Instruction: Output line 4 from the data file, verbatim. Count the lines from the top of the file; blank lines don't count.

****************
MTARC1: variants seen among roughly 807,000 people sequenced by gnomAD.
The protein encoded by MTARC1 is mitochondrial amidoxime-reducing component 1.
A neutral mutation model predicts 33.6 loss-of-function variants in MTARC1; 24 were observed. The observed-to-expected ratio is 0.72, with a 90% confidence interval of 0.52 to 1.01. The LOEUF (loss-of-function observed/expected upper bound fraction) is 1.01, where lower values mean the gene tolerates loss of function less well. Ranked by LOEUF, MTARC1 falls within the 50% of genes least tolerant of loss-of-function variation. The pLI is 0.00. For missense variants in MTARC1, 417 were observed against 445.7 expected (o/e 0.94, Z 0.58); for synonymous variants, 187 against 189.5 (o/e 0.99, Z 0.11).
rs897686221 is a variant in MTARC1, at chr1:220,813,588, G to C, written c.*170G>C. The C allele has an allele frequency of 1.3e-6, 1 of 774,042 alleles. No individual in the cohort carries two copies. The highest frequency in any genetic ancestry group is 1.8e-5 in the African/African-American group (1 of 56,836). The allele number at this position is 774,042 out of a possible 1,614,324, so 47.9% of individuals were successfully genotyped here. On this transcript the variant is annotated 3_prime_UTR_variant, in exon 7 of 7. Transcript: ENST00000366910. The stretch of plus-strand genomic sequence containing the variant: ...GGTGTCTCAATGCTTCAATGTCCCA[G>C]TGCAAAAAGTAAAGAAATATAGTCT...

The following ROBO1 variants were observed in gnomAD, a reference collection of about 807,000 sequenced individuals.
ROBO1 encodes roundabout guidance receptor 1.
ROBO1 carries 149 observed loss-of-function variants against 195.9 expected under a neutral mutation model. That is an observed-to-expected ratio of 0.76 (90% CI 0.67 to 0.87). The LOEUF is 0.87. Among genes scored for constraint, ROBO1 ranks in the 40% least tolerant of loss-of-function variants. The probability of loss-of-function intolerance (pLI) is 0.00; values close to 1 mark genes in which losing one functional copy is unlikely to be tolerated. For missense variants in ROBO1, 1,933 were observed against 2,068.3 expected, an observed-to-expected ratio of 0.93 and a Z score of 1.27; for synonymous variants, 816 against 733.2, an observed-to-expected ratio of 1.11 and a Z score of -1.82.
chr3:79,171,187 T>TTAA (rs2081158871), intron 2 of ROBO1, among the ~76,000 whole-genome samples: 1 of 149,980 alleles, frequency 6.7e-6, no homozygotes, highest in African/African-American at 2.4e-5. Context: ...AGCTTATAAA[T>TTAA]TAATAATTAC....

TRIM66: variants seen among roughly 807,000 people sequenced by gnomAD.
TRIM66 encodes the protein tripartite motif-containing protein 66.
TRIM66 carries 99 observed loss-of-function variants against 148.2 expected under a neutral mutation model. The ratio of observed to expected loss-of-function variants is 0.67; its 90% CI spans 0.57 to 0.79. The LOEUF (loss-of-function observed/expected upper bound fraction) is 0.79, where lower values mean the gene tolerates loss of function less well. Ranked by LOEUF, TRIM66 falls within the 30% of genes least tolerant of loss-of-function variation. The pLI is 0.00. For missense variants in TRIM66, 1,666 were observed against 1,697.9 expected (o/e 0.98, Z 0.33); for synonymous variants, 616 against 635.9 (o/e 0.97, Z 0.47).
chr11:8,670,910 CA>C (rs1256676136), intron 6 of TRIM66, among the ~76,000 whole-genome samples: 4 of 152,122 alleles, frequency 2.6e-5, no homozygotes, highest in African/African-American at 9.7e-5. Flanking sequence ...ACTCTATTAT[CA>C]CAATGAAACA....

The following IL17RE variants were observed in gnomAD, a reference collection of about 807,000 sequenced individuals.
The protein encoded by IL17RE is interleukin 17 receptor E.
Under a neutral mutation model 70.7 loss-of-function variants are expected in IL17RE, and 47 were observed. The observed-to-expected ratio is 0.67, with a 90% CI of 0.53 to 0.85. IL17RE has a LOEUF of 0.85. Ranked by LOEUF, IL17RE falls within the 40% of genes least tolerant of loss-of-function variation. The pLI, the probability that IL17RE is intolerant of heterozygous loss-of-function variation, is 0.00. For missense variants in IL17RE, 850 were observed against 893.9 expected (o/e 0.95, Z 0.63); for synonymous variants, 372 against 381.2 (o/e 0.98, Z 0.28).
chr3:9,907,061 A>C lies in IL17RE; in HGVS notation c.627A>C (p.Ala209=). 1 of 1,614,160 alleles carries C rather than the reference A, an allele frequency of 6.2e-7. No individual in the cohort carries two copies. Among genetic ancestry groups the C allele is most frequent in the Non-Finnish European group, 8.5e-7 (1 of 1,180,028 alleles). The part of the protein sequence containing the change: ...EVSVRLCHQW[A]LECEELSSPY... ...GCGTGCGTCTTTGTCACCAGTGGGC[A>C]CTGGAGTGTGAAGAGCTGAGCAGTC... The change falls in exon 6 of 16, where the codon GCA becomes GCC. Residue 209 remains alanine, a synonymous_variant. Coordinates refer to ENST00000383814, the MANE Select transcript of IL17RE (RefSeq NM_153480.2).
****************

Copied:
rs897686221 is a variant in MTARC1, at chr1:220,813,588, G to C, written c.*170G>C. The C allele has an allele frequency of 1.3e-6, 1 of 774,042 alleles. No individual in the cohort carries two copies. The highest frequency in any genetic ancestry group is 1.8e-5 in the African/African-American group (1 of 56,836). The allele number at this position is 774,042 out of a possible 1,614,324, so 47.9% of individuals were successfully genotyped here. On this transcript the variant is annotated 3_prime_UTR_variant, in exon 7 of 7. Transcript: ENST00000366910. The stretch of plus-strand genomic sequence containing the variant: ...GGTGTCTCAATGCTTCAATGTCCCA[G>C]TGCAAAAAGTAAAGAAATATAGTCT...